is practically American cinema’s masochistic patron saint of Juvenile Delinquent exploitation garbage. Guided by daddy Arch Sr. (who penned the script and produced) The Choppers was Junior’s first film in a mercifully brief career (he retired in 1965 to become a musician and aviator—daddy was ex-Air Force).
To most contemporary viewers, Hall, Jr. is possibly best known for his second film, Eegah (1962), after it was featured on Mystery Science Theater 3000—although to the cult crowd, his crowning achievement is 1963’s The Sadist. Both of these will be covered here, along with Wild Guitar (1962), in upcoming exploitation collections from their respective years.
In Leigh Jason’s The Choppers, Hall is cast as Jack “Cruiser“ Bryan, the greasy-haired rockabilly leader of a gang of car-part thievin’ JDs. After stripping down cars, the Choppers take their loot to junkyard dog Moose (Z-movie veteran Bruno VeSota, familiar from Attack of the Giant Leeches, Wasp Woman and Bucket of Blood), who gives them ten cents on every buck!
Working out of their chicken coop truck, the Choppers also siphon gas out of unsuspecting vehicles, with Cruiser taking the role of the lookout guy who taps the steering wheel to the radio music he loves (which, the credits reveal, is Hall’s own song). For most of the film, the Choppers remain one step ahead of bland coppers and insurance suits. Later, we actually get to see Hall strum his guitar and sing “Monkeys in my hat band, I can do a handstand.” The jaw-dropping scene alone makes the entire film worthwhile. With rhyming genius like that, we can totally understand how Cruiser is a chick magnet who attracts a 1959 Playboy centerfold!
The yawn-inducing plot requires a comeuppance, which seems a tad harsh for the Choppers stealing car parts, but the producers probably realized a minute or so of something resembling excitement was necessary.
Mario Bava‘s Hercules In The Haunted World stars with apocalyptic hair. Bava and Lee, together with a bulging pair of male mammary glands in a loincloth (Reg Park), overcome laughably bad dialogue, near-fatal comic relief, echo boxes informing us that “these are gods!”, a prosaic plot, shrill dubbing, a green monster who must have been an ancestor of Sigmund the Sea Monster, and a bulimic budget to produce one of the most psychedelic sword and sandal fantasy flicks of the early 60s.
With painted sets and sky, diaphanous tints, swirling ink vapors, and transcendent camerawork, Bava’s cardboard Hades is the quintessence of orgasmic psychedelia masquerading as Greek mythology. For a G-rated movie, there’s plenty of testosterone bandied about, both between Hercules and Theseus (George Ardisson) and Lee and Deianria (Leonora Ruffo).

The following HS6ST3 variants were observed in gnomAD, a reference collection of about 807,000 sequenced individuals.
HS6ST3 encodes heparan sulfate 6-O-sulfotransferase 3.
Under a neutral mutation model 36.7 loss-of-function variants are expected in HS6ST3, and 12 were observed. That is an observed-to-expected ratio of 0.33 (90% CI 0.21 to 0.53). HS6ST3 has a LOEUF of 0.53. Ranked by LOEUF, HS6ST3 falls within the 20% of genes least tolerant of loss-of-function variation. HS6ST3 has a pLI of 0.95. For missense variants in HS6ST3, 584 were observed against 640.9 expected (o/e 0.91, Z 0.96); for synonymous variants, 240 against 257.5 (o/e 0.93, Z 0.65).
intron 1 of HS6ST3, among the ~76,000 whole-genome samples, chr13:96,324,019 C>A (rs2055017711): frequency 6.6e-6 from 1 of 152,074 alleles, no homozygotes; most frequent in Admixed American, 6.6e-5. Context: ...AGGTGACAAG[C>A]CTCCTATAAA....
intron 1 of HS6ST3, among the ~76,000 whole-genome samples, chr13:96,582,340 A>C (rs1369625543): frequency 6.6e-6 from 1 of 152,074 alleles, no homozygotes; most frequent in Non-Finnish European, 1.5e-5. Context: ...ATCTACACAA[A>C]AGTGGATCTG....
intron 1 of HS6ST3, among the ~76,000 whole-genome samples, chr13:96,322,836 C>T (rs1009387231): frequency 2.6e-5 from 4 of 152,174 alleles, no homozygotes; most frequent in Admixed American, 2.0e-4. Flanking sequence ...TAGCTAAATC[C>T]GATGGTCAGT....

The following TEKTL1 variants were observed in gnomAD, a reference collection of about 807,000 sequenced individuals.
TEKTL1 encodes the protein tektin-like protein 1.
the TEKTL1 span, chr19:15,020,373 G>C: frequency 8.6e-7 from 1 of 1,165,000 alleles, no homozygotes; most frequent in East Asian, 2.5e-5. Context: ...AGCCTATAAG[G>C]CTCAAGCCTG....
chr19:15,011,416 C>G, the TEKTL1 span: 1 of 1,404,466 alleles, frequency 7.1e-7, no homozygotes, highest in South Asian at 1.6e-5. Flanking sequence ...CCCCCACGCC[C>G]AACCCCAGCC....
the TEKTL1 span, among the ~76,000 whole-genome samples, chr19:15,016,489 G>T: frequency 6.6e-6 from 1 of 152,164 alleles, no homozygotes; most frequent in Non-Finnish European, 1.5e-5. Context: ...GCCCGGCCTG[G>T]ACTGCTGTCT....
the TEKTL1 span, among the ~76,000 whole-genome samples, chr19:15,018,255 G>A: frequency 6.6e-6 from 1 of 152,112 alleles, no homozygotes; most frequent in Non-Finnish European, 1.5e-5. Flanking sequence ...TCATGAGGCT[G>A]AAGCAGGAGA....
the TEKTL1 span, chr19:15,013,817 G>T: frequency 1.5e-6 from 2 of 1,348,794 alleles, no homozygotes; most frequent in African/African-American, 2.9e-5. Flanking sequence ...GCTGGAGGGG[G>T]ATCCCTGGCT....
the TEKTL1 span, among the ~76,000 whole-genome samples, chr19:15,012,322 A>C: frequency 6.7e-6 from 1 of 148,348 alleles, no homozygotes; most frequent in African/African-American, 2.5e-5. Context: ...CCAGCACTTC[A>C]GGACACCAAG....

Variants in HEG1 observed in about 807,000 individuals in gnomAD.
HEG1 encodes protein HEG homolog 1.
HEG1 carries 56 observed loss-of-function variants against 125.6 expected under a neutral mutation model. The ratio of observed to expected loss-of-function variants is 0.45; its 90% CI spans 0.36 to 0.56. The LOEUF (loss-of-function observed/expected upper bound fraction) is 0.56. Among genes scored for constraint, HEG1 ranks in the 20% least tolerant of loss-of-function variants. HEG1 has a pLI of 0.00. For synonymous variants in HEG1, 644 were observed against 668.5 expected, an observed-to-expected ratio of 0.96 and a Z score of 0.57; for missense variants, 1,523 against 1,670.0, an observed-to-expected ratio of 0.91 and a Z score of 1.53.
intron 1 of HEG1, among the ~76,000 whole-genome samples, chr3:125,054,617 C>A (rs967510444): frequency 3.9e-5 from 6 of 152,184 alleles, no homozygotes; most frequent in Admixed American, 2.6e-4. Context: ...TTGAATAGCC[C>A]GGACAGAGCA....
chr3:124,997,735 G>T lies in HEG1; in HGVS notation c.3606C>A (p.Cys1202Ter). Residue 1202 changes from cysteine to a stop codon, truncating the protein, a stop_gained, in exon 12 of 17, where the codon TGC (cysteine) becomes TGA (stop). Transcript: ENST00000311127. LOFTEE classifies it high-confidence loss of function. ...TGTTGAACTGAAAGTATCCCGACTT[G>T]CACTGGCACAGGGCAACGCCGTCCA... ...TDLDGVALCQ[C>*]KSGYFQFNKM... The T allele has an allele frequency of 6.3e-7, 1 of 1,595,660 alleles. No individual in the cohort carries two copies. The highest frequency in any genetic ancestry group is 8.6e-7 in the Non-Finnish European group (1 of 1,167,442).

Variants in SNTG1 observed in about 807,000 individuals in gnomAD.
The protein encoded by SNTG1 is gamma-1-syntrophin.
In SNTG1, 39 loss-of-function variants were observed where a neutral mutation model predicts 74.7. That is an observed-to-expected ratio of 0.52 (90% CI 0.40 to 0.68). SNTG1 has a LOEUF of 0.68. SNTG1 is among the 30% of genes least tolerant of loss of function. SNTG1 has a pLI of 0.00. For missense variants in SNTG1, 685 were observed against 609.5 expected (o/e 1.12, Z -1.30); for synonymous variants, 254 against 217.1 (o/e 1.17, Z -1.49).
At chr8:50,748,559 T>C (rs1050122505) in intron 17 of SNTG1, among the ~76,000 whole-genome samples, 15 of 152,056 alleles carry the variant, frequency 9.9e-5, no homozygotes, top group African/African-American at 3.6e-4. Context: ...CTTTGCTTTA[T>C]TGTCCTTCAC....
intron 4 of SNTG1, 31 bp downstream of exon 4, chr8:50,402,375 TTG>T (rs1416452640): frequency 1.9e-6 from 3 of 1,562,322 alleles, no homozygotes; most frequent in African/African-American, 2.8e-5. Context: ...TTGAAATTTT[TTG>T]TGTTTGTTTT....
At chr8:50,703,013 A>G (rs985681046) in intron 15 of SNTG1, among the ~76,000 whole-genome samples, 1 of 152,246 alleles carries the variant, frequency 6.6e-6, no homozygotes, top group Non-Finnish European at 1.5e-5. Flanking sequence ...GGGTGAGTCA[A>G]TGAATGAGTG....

It almost doesn’t matter that Lee’s baritone is tragically dubbed. He’s still in full vampiric mode: seducing, impaling and stabbing (with a pair of wire cutters, no less).
As for the plot- it’s not really exploitation per se, but it’s as irrelevant as any in the sword-and-sandal genre, and the movie stars that god of drive-in cinema, the much-missed Christopher Lee… so, no apologies given for slight cheating here.
Werewolf In A Girl’s Dormitory certainly is exploitative horror, but those expecting only to be titillated by hairy boobies might be slightly disappointed because, despite its camp title and opening credits song “(The Ghoul In School),” this is a surprisingly atmospheric chiller directed by Paolo Heusch. Like Bava, Heusch employs what craft he can to overcome an inept script and dialogue. Unlike Bava, he doesn’t really succeed, although credit should be given for the effort. It is an Italian production that was purchased by MGM, dubbed into English, and shown on a double bill with the underrated Robert Day/feature Corridors of Blood (1958).
Doc Julian (Carl Schell) is the new science professor at an isolated girls dormitory. He has a shady past, having unintentionally killed a patient whom he tried to cure of lycanthropy (werewolfism). Acquitted, he finds employment at the dormitory whose director has an obsession with werewolves.
Meanwhile, Sir Alfred (Maurice Marsak), the administrator, has been playing hanky panky with Mary (Mary McNeeran). Mary offers Alfred sex in exchange for her release from the dorm. Adhering to Wes Craven’s Scream (1996) rule that sex equals death in horror, Mary gets stalked and murdered by a werewolf during the full moon. The scene recalls the atmosphere from Universal’s Wolf Man, but is decidedly more gruesome and actually better shot (avoiding all that canned Universal fog). Mary’s slashed body is found, face up, lying in a creek in the woods surrounding the dorm.
With Julian being the new kid in town, he is quickly suspected and… a muddled plot follows, filled with idle chatter, blackmail, a red herring, pseudo-scientific babble, and a werewolf who looks more like Mr. Hyde than. Still, we watch this type of thing for the Gothic atmosphere, which this is chock full of; for a pretty girl (Barbara Lass, the first Mrs. ) getting terrorized; and for stylish supernatural mayhem—all of which Werewolf delivers. Alas, it tries to be too many things—a murder mystery (which is no mystery), a bad girls in a reformatory pic, and Euro horror. It veers closest to success in the latter. The title alone’s worth a bucket of cheese popcorn.